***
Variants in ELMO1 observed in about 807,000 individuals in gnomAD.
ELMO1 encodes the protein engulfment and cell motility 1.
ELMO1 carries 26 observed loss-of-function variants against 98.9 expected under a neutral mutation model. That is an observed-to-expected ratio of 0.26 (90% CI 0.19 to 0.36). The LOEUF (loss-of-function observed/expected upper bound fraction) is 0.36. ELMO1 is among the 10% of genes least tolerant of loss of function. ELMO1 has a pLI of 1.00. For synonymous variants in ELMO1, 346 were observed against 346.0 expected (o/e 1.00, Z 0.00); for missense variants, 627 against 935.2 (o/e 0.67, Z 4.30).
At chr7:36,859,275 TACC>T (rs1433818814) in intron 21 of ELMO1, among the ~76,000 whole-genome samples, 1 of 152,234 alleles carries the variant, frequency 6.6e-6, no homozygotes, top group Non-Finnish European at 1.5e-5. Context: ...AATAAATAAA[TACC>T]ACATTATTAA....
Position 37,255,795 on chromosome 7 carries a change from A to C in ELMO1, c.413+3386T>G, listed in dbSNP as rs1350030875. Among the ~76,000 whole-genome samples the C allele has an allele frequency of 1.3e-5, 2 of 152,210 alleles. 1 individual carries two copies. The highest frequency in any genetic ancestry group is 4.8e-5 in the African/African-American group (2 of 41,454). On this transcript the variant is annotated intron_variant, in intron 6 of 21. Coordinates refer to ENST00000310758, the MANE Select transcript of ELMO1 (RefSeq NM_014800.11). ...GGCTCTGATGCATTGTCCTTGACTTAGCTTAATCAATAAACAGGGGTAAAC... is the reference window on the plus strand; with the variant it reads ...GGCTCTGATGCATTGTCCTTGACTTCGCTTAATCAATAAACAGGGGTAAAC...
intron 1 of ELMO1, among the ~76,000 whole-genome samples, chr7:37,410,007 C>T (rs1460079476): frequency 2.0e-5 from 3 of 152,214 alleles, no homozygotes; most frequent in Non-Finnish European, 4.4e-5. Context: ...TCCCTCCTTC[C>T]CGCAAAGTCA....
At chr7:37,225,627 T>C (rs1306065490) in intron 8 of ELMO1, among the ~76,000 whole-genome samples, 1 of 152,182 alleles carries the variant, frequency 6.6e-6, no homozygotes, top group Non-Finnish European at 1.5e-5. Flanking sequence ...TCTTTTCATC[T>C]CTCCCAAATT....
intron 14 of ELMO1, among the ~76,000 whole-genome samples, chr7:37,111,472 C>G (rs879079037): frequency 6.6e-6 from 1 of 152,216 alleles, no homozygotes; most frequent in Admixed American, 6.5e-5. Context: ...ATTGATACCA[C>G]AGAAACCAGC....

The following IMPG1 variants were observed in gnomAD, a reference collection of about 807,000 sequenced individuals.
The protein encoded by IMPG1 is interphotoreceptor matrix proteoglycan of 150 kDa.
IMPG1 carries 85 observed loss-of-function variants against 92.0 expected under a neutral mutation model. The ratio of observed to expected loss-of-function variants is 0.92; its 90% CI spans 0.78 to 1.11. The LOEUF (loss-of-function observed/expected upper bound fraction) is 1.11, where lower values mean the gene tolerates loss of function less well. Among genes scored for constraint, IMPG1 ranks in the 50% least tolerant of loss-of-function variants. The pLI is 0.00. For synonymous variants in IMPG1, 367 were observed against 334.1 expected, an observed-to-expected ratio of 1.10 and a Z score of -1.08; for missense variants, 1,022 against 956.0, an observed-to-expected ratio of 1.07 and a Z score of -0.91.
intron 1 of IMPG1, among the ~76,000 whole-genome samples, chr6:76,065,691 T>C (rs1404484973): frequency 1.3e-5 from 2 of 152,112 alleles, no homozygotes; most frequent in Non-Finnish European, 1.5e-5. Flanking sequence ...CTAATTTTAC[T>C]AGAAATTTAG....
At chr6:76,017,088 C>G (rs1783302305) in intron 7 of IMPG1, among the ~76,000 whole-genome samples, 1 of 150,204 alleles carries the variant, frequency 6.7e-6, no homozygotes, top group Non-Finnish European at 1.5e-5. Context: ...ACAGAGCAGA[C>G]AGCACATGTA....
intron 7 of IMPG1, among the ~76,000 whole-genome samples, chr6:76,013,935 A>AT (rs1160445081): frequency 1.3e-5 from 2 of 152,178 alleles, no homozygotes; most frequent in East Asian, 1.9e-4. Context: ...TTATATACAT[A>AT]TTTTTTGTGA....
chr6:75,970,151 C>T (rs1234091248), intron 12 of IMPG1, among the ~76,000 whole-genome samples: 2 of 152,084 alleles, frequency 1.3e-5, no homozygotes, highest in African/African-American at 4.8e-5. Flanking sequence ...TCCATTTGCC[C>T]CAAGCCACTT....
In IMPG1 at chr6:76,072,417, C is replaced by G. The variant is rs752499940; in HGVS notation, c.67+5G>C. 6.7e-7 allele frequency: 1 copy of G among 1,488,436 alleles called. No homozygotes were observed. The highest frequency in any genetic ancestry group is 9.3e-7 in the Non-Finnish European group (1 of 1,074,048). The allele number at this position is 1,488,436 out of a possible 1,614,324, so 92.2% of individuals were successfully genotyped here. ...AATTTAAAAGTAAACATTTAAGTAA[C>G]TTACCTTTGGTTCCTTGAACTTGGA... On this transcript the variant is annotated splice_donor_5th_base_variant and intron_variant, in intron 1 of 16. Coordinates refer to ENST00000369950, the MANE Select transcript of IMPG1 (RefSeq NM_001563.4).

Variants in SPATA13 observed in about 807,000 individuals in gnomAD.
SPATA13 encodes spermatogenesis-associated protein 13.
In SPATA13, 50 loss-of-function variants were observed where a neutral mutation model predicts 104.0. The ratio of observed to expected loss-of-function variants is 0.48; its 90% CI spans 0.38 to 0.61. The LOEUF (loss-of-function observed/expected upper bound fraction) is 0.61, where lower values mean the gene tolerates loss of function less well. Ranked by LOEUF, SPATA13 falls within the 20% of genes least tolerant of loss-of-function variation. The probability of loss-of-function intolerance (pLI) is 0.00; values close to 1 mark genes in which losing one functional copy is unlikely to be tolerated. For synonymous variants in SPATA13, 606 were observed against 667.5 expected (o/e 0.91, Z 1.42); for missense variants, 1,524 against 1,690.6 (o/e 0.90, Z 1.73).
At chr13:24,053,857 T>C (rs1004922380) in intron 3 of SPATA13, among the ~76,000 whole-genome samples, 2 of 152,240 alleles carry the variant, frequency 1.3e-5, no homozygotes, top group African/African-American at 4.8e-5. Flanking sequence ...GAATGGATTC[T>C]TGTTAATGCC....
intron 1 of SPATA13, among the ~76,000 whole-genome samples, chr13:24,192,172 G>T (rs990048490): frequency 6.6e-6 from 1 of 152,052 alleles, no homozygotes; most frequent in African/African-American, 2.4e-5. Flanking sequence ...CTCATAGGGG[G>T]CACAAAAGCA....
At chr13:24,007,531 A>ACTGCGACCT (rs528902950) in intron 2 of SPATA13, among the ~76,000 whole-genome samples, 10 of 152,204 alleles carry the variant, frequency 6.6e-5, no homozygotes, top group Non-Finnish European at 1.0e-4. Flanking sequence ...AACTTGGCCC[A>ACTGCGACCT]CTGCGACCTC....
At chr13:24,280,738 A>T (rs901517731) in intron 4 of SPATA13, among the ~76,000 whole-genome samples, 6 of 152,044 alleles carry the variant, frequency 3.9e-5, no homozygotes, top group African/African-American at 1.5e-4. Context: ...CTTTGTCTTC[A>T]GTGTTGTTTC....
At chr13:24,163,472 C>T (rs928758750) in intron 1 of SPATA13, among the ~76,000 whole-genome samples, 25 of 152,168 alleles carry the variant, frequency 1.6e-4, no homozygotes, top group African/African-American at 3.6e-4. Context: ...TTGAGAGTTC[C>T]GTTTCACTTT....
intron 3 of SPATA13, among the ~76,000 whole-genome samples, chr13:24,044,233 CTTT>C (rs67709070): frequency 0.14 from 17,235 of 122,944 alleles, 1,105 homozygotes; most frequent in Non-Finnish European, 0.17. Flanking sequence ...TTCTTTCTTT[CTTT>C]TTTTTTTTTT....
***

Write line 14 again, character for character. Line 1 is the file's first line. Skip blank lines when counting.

intron 7 of IMPG1, among the ~76,000 whole-genome samples, chr6:76,013,935 A>AT (rs1160445081): frequency 1.3e-5 from 2 of 152,178 alleles, no homozygotes; most frequent in East Asian, 1.9e-4. Context: ...TTATATACAT[A>AT]TTTTTTGTGA....